at the time. And then we started to work for the multinationals, the donors and the big local companies. And we trained people,” he says.

Madie had already been in the industry for five years. “Nobody then had that experience (here). We put in our systems, procedures. Our employees (from Europe) went to Uganda and trained the local staff. While I was in the business, I met James who was not doing websites, but server stuff, which we didn’t do,” he recalls.

“I sold my company after nine years but continued to work there for three more years. Then I felt it was time to do something new. I thought I had always been too busy to follow my more artistic inspirations, and by accident I came into film making,” he says.

And yes, he’s a self-taught professional. He took two years to learn the trade. Often attending short-term training courses.

When is his film expected? “It’s always hard to say with a documentary. But I guess it will be released in 2007. And it will go to documentary festivals, I hope, all over the world,” says Madie.

He sees this as an “international story, with an international subject”. Free/Libre and Open Source Software is on the agenda in many countries. “I don’t think such a film has been made before. We hope to sell it to broadcasters; but it’s important to get it around to film festivals, to an audience that really cares about documentary films,” says he.

“When I started this film I thought I was going to make the kind of documentaries with talking heads on the screen. I soon realised that the interesting stories are about the characters. I’m surprised how much of the work is related to understanding the people you are focusing on. But that makes it even more interesting, specially if you can capture the essence of a character in a particular situation.”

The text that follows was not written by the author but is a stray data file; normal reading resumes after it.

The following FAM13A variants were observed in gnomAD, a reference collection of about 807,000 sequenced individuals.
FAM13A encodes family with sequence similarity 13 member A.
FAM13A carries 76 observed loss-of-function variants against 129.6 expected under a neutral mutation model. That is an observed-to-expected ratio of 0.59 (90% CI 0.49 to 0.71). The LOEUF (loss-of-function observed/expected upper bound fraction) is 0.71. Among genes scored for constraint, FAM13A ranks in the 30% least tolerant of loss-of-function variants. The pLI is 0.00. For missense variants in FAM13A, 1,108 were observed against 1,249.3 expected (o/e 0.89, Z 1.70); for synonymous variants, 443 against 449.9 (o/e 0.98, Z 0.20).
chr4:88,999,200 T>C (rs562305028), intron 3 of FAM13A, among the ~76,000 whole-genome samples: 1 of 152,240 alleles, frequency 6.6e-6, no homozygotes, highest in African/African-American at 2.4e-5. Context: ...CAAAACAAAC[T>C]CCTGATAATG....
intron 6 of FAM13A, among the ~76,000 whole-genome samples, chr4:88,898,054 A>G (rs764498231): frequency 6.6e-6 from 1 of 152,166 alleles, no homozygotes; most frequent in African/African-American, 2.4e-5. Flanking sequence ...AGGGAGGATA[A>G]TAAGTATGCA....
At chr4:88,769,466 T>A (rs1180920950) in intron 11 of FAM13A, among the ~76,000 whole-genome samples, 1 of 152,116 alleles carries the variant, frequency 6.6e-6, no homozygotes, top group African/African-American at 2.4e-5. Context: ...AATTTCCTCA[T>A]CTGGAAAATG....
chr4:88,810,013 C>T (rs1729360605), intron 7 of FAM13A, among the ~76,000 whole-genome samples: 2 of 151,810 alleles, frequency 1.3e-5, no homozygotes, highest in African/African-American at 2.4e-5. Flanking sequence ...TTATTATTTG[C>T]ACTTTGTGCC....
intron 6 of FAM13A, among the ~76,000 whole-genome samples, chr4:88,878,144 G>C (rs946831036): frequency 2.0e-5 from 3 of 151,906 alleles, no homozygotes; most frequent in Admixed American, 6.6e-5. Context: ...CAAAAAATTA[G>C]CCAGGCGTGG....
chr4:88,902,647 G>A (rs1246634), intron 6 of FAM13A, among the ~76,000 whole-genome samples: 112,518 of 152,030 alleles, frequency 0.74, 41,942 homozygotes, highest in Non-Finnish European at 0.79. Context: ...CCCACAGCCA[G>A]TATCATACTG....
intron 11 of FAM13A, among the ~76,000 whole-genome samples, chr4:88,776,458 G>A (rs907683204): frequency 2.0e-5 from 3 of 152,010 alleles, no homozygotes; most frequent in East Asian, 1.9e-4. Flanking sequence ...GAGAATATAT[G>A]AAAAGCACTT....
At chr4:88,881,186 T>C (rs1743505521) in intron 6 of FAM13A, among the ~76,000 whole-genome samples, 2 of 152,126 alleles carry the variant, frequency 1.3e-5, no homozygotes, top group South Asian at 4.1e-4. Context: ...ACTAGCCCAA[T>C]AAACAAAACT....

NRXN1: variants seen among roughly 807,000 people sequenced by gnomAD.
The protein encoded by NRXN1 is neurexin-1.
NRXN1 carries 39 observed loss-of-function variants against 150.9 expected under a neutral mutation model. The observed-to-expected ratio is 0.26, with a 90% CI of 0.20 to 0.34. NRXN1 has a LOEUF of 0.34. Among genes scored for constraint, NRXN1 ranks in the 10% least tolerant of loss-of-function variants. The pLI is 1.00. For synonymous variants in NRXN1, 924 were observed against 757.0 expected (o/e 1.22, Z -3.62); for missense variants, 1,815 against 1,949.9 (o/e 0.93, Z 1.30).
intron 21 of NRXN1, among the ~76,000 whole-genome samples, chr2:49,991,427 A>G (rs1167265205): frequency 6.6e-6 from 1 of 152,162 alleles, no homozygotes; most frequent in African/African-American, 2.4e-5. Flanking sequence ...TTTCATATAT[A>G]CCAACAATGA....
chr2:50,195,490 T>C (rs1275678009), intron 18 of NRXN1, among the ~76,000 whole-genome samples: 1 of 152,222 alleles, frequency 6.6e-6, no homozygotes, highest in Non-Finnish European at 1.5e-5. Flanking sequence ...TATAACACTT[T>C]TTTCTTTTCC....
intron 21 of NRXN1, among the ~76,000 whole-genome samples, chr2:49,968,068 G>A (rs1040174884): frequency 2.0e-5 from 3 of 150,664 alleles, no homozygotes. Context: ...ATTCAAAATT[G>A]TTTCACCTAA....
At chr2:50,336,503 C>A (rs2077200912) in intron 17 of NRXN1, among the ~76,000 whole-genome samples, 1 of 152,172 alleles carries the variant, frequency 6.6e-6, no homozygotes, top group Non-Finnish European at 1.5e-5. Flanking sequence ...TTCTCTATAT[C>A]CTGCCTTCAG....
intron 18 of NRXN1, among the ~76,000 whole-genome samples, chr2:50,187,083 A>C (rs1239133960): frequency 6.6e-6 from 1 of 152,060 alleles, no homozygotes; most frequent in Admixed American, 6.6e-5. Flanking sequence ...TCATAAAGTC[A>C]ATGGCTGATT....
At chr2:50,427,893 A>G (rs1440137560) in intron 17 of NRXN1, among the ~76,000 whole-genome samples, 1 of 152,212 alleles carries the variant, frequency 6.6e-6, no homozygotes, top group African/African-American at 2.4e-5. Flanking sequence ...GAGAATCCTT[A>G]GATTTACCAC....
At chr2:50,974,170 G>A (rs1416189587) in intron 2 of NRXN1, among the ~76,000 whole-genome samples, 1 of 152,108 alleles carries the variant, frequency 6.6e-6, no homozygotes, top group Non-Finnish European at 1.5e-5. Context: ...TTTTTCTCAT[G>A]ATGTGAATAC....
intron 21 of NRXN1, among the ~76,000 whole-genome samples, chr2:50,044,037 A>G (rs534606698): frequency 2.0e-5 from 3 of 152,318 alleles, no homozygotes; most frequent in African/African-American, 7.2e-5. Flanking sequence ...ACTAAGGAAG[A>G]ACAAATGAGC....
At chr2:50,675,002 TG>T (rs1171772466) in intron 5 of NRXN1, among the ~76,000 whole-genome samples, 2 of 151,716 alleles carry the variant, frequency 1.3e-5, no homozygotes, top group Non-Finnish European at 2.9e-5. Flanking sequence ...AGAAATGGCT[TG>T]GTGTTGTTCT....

It also came as a surprise for Madie to realise how difficult it is for documentary film-makers to raise money for their films. “We are definitely running on a low-budget, and we have to put in hours ourselves where we don’t get paid. This only means that those who really make the film are those who really want to make it. You can say it’s those documentary film-makers who really fight for their beliefs (that get through). Maybe that’s why I’m so fascinated by James; because we have some of the same blood in one sense,” he adds.

Madie has been tracking James Wire for nearly a couple of years, on and off. “I’ve been filming on three occasions so far, we expect another three. We’ll have 60 hours of footage, when we’re done here. We’re going to end up with around a hundred hours, and will reduce it to 52 minutes. Only one percent of everything we do is going to be in the film. That’s the only way (to get an interesting story).”

Two major other films on Free/Libre and Open Source Software have been made in the past: ‘Revolution OS’ and ‘The Code’.

“This is a very different film,” says Madie. “First of all, because it’s filmed out of Africa, with Africans. I frankly think this is one of the places where FOSS is most relevant. But it’s also different because it shows Africa (and its capabilities) in a different light.”

“In the film we point the camera to the modern side of Africa. We want to challenge people’s prejudice about sub-Saharan Africa. Many people will see the film and won’t believe this is modern Uganda, because they haven’t seen those images,” says Madie.